The South African blueberry industry is on the right track despite the difficult season

The campaign did not live up to expectations, but greater access to South African-grown fruit is still at stake. South Africa's blueberry exports fell short of expectations in 2023, but industry leaders have said the rapidly expanding business is still on track to continue growing. Last season, South Africa exported just over 22.000 tonnes of blueberries, less than the 25.000 tonnes initially planned.

“We had some difficult conditions during harvest that slowed down picking and packing,” said Brent Walsh, CEO of Berries ZA. ”We are also in a phase of introducing new varieties that position us for long-term growth.

"Our long-term forecast continues to be for considerable growth and that is why we want to access the Eastern consumer markets, and India is an example," he explained.

According to Walsh, South Africa is well advanced in its efforts to gain access for its blueberries in India.

Final comments from Indian authorities are now awaited and the industry hopes to make progress on the matter during Fresh Produce India in March.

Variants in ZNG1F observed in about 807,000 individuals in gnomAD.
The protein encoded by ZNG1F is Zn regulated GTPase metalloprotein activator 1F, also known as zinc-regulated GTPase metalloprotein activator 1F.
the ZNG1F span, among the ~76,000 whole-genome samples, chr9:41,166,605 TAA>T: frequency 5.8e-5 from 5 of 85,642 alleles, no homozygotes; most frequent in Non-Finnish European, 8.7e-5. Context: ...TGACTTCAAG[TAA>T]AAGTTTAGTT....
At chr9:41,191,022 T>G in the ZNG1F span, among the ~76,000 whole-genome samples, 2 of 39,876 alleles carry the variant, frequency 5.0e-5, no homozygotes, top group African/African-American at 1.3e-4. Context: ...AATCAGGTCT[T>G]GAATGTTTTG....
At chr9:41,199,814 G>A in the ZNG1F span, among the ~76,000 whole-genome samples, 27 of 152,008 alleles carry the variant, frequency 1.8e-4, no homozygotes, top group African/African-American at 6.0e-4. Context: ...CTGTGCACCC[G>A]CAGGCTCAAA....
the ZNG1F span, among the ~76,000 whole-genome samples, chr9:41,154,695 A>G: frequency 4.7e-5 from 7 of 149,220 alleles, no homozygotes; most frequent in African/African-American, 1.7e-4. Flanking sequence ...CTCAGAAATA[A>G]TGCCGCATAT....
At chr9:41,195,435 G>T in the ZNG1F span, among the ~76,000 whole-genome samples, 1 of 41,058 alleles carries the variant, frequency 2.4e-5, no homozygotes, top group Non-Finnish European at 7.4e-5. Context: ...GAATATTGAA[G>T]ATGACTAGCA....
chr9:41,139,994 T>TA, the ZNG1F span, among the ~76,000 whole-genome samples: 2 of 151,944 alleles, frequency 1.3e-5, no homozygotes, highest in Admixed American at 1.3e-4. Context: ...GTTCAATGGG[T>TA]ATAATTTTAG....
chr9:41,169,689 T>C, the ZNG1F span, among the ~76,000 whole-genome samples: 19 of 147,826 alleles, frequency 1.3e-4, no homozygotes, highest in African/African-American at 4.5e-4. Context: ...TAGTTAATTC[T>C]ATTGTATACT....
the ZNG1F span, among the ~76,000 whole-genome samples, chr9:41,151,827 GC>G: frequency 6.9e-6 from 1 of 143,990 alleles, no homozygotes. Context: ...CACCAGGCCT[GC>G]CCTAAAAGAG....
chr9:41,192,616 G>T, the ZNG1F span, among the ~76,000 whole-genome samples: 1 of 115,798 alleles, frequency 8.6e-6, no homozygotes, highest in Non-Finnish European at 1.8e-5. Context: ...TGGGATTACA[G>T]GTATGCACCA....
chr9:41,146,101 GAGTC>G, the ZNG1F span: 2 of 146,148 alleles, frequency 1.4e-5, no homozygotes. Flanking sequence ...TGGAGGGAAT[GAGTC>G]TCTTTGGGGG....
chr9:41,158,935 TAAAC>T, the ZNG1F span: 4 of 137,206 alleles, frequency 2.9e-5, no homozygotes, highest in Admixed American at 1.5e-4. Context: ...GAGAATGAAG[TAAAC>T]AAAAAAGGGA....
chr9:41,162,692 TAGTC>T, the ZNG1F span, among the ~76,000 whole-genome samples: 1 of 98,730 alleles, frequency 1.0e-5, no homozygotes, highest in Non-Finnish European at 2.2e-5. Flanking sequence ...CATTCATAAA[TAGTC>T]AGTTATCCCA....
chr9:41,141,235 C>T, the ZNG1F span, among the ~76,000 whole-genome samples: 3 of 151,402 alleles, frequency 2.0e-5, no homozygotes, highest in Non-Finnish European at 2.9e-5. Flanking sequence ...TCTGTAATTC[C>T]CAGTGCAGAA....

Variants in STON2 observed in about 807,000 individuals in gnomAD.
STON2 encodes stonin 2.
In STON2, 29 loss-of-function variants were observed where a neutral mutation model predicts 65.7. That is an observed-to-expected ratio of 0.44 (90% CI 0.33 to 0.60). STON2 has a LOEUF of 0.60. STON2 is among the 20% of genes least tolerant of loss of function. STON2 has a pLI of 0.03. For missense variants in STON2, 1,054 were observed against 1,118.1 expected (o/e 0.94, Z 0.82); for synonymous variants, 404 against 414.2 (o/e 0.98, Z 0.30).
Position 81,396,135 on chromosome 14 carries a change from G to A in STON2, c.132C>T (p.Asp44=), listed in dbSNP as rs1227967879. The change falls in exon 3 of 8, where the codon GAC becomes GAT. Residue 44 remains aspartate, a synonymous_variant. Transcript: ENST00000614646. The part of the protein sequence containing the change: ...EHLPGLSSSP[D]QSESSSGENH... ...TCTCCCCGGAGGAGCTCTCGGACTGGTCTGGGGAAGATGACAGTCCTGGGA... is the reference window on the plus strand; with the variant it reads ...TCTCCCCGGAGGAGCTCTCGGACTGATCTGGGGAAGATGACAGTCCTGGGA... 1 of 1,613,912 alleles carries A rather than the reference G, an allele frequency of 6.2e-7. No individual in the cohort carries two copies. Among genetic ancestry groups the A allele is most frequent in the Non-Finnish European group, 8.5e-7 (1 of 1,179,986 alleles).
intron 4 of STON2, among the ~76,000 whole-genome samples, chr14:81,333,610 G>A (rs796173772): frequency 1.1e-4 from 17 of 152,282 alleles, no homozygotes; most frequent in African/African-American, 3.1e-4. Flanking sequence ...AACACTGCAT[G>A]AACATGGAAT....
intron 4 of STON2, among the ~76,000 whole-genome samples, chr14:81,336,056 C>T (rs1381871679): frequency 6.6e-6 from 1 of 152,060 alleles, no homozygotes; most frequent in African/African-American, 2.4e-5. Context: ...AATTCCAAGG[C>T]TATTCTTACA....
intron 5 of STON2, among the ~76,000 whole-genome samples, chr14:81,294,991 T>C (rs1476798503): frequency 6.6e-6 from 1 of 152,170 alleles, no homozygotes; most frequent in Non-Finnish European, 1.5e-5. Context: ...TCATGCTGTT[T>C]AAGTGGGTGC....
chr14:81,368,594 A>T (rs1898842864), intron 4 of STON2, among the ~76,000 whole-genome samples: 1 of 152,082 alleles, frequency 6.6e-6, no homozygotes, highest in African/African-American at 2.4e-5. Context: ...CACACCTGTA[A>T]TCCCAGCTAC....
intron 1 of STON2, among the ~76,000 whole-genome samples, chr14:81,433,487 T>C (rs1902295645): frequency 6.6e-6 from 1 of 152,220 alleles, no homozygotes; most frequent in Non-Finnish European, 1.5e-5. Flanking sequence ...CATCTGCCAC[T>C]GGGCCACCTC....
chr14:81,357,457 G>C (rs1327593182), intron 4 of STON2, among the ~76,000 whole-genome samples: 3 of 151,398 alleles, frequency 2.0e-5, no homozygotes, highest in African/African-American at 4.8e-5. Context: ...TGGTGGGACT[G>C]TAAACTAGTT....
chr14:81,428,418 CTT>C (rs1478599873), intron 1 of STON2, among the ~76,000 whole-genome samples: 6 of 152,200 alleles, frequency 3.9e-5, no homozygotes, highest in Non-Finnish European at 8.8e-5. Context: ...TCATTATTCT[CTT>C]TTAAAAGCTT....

The country has a growing blueberry industry and has seen substantial growth in production in recent years.

Last year's smaller harvest was disappointing, especially because there was strong demand and good prices in traditional markets.

“Our competitors in Peru were also affected and that was reflected in the strength of the market,” he outlined.

As the industry looks to the future, it is hoped that South Africa will be able to make its first shipments to India as the new season gains momentum in July.

"This assumes that the final agreements are in place by then," Walsh confirmed.

“We can serve the Indian market both by air and by sea, and some of our growers are in the north of the country and can ship their fruit from ports on the east coast.”

In global terms, South Africa's blueberry production is still very small. However, in recent years producers in many parts of the country have invested in new plantations.

The Western Cape remains the main production region and most fruit is shipped in containers from Cape Town or exported by air when necessary.

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